Jeremy Johnson had barely put hands on his Mr. Football trophy when the spotlight turned to his shot at history.
He became the first G.W. Carver football player to win a major state award Wednesday — much less Mr. Football — and he could do something unprecedented in Alabama.
Johnson is also a candidate for Mr. Basketball.
Nobody has won both.
“That’s what I’m striving for: Mr. Basketball and another state championship,” Johnson said. “I just want to lead my team to state again.
“Mr. Basketball is not that big a deal, as long as we win a state championship.”
The 6-foot-6 senior is the Carver basketball team’s leading scorer. The Wolverines (14-0) are ranked No. 1 in Class 6A and are the only unbeaten boys team in the state.
Johnson was first-team Class 6A All-State last year when Carver won a state championship. (Teammate Craig Sword, now at Mississippi State, was Mr. Basketball.)
“With the way he’s been playing and the way our team has been performing, I think he has a great opportunity,” Carver basketball coach James “J.J.” Jackson said.
“To win one of those is just an honor, not only for the kid, but for the community and the school.”
Carver plans to honor Johnson, both today and beyond.
The Wolverines will retire Johnson’s No. 6 football jersey, just as they did Sword’s No. 32 last year. Carver will also have a school assembly today to celebrate Johnson.
“It’s done. That’s it. That’s the last time you’ll see No. 6,” Carver principal Gary Hall said. “We’re going to put that one on a shelf.”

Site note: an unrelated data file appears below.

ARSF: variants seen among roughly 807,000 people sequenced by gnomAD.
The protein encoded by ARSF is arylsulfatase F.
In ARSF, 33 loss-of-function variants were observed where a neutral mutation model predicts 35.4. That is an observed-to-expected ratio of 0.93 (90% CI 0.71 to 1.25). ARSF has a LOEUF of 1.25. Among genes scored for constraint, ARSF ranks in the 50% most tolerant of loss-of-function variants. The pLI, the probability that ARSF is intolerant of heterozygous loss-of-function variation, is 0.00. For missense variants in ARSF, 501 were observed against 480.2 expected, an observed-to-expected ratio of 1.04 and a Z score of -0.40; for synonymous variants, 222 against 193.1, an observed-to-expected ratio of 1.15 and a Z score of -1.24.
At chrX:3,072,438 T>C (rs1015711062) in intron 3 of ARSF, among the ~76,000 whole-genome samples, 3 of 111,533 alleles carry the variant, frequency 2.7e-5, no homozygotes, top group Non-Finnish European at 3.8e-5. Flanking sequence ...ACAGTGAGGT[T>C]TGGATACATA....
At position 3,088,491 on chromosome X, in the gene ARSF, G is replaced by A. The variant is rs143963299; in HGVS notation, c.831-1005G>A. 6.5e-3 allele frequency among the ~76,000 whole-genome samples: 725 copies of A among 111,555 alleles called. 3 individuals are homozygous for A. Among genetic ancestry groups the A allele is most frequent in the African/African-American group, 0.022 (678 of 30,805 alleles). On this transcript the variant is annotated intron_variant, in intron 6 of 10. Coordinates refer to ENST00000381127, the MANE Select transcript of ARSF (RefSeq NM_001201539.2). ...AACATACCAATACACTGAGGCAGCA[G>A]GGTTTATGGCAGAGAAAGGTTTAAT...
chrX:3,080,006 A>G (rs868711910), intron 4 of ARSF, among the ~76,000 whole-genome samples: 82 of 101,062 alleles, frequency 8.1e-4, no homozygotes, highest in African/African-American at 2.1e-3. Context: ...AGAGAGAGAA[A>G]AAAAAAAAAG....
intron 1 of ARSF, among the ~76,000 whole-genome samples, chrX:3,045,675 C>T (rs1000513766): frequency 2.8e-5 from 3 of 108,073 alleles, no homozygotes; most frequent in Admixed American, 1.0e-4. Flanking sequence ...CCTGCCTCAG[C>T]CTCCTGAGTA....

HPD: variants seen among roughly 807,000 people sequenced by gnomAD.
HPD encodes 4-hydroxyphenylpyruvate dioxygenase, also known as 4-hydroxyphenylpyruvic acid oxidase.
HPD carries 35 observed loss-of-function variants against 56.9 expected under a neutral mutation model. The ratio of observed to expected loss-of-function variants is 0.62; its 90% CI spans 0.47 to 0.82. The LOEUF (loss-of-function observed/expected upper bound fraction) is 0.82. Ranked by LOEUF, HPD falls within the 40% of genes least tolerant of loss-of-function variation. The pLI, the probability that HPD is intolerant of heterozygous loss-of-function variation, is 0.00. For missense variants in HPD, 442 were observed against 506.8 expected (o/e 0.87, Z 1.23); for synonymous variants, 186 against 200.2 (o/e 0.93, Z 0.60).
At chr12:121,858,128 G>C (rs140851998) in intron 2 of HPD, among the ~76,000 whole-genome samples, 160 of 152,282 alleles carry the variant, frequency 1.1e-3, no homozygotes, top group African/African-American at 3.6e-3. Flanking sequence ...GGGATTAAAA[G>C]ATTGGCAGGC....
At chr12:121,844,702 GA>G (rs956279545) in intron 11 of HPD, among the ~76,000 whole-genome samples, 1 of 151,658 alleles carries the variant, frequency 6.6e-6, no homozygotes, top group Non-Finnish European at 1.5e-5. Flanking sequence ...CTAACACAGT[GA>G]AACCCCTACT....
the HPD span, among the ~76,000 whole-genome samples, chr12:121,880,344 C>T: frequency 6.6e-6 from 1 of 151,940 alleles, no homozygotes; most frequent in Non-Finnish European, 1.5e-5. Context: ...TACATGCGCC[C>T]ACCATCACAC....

Johnson, a quarterback, led Carver to the 6A semifinals this year. He threw for almost 3,200 yards and 31 touchdowns.
He won in the closest recorded vote in Mr. Football history.
Johnson finished two points ahead of Fultondale quarterback ArDarius Stewart in voting announced at a banquet in downtown Montgomery.
Johnson is just the third Mr. Football from Montgomery, joining Jeff Davis’ Gorman Thornton in 1995 and Robert E. Lee’s Larry Ware in 1986.
“Mr. Football is a huge thing,” Carver football coach Billy Gresham said. “We want to honor him, not just this year but in the years to come.”
Johnson admitted he was nervous just before the Mr. Football announcement.
Smiles soon followed for him, parents Ojedita and LaTasha, his coaches and Hall, too. They soon spread the happiness to Carver’s campus.
“This is something I’ll share with my teammates and coaches because they put me in the best situations to succeed,” Johnson said.
“They made me look good.”